Array. An array has elements. It has strings like "tree" and "bird." And these can be updated. We can change the "bird" into a "flower."
With mutable elements, arrays provide an important ability to our linear collections in Scala. A list is immutable, but with arrays we can change elements.
An example. Here we create a 4-element Int array. With val we make the "numbers" variable so it cannot be reassigned. But the array elements are still mutable.
Info Apply() gets the value of an element from the array. We pass the index of the element. In an array this starts at 0.
// An array of four Ints.
val numbers = Array(10, 20, 30, 40)
// Get first number in array with apply.
val first = numbers.apply(0)
// Get last number.
val last = numbers.apply(numbers.length - 1)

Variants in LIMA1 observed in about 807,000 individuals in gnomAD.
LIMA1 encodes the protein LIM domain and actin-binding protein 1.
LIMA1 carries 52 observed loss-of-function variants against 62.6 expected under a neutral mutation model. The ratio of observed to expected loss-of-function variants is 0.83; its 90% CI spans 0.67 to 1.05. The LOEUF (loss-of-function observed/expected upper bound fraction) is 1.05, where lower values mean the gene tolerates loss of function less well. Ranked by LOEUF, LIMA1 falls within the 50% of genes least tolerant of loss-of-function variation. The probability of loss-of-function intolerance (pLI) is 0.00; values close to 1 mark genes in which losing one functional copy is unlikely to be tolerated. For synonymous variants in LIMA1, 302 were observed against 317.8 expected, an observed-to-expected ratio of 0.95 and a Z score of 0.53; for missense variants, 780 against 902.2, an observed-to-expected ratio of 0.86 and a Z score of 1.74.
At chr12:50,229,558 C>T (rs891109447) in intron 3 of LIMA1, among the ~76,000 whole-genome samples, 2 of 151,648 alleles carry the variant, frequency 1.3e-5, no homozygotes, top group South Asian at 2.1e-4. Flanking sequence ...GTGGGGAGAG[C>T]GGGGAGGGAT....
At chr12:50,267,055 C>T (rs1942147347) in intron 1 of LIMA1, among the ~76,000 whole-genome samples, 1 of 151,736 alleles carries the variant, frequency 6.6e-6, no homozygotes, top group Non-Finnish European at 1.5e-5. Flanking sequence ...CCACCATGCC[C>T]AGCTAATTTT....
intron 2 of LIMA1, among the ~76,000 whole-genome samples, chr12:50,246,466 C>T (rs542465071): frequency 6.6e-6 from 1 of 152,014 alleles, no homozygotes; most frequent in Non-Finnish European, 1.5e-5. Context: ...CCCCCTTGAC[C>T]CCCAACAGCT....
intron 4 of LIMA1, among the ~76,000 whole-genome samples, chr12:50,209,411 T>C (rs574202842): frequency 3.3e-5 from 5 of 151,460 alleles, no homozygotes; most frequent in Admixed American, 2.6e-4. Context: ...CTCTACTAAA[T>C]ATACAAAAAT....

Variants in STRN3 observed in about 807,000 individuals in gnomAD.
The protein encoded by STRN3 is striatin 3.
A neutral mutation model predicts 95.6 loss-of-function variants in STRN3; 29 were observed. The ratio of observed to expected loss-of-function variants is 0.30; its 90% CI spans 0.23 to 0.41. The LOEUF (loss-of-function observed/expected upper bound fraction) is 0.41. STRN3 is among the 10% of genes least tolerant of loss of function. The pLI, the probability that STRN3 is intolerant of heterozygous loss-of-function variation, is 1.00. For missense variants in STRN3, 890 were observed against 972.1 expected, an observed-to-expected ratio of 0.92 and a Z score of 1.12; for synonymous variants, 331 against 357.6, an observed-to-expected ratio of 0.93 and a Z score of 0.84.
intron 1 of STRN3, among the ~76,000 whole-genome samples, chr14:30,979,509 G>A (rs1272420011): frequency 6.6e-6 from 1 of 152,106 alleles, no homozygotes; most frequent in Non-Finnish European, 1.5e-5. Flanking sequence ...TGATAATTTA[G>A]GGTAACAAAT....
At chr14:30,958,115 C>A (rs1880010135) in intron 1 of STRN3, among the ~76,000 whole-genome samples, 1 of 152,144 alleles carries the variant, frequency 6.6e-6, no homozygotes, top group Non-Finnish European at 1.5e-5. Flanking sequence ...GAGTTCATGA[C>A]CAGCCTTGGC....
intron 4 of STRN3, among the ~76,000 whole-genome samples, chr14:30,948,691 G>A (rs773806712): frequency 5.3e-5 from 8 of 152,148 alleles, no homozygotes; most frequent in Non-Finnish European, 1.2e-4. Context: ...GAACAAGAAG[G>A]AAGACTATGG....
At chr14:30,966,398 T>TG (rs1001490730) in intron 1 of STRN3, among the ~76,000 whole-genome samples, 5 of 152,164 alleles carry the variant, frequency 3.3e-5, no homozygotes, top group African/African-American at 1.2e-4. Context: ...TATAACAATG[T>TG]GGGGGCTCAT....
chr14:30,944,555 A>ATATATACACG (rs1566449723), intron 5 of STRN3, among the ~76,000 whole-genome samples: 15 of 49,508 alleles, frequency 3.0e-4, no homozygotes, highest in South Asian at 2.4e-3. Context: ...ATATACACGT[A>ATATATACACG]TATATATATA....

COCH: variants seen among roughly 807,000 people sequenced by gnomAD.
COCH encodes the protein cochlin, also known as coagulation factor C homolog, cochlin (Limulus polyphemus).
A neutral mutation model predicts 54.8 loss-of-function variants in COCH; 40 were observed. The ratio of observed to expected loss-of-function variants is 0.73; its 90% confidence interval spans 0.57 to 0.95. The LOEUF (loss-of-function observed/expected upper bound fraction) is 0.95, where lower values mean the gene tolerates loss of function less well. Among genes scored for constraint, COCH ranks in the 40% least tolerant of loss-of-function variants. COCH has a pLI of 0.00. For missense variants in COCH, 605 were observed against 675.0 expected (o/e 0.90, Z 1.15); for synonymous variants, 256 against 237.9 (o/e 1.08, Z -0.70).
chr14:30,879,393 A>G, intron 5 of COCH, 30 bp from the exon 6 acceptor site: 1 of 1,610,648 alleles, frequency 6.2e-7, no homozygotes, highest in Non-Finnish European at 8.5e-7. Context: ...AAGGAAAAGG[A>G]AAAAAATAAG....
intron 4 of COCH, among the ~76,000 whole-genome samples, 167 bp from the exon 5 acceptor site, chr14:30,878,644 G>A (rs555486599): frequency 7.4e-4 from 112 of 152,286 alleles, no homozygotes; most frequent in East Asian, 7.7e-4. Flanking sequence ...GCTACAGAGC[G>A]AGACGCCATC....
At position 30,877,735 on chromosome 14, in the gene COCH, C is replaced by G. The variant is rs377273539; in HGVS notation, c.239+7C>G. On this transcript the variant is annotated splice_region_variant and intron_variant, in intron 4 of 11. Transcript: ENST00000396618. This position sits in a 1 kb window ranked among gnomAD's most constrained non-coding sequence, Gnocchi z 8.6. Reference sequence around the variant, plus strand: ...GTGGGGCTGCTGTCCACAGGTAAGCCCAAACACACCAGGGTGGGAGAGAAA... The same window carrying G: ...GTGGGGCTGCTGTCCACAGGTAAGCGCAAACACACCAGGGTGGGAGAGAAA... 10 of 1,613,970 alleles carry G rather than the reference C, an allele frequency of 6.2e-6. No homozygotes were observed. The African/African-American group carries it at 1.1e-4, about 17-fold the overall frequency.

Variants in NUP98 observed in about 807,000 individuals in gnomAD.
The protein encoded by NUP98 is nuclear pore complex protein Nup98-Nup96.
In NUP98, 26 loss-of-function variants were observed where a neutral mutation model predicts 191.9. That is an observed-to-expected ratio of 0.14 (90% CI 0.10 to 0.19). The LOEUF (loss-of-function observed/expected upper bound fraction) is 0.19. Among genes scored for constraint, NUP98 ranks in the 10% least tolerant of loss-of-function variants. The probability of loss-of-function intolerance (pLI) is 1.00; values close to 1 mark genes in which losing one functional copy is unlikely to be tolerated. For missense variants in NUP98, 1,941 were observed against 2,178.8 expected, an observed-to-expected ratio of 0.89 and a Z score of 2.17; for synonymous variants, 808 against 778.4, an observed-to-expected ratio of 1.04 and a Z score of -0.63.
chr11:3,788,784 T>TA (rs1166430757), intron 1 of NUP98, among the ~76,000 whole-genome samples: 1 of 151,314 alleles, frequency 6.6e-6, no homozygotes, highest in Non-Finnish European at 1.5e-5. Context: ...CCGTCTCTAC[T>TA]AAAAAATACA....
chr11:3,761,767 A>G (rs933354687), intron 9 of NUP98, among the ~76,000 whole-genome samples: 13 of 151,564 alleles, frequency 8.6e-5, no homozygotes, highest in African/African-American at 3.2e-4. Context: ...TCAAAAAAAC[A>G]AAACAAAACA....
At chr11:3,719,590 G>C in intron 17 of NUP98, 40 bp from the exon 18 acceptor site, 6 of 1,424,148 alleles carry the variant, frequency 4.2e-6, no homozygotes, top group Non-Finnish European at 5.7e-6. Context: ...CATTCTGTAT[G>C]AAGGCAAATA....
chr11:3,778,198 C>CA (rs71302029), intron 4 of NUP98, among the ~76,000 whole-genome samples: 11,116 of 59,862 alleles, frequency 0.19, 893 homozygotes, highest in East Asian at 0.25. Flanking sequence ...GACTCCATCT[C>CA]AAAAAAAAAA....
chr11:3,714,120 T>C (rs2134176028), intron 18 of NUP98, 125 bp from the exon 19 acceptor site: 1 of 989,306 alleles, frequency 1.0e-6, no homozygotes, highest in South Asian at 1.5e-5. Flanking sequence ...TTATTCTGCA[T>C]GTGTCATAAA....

Update. This modifies an element in an array. The first argument is the index of the element. And the second argument is the new value of the element.
// An array of three strings.
val plants = Array("tree", "moss", "fern")
// Update first element to be a new string.
// Display array.
Short syntax. We can apply and update elements in an array with an index. This is a shorthand syntax for apply and update. Here we get and change the first element.
val codes = Array(5, 10, 15)
// Get first element.
val first = codes(0)
// Update first element.
codes(0) = 50
// Get first element again.
Convert to Array. Often in Scala we use lists. With lists we have an immutable collection. With arrays, meanwhile, we can change elements.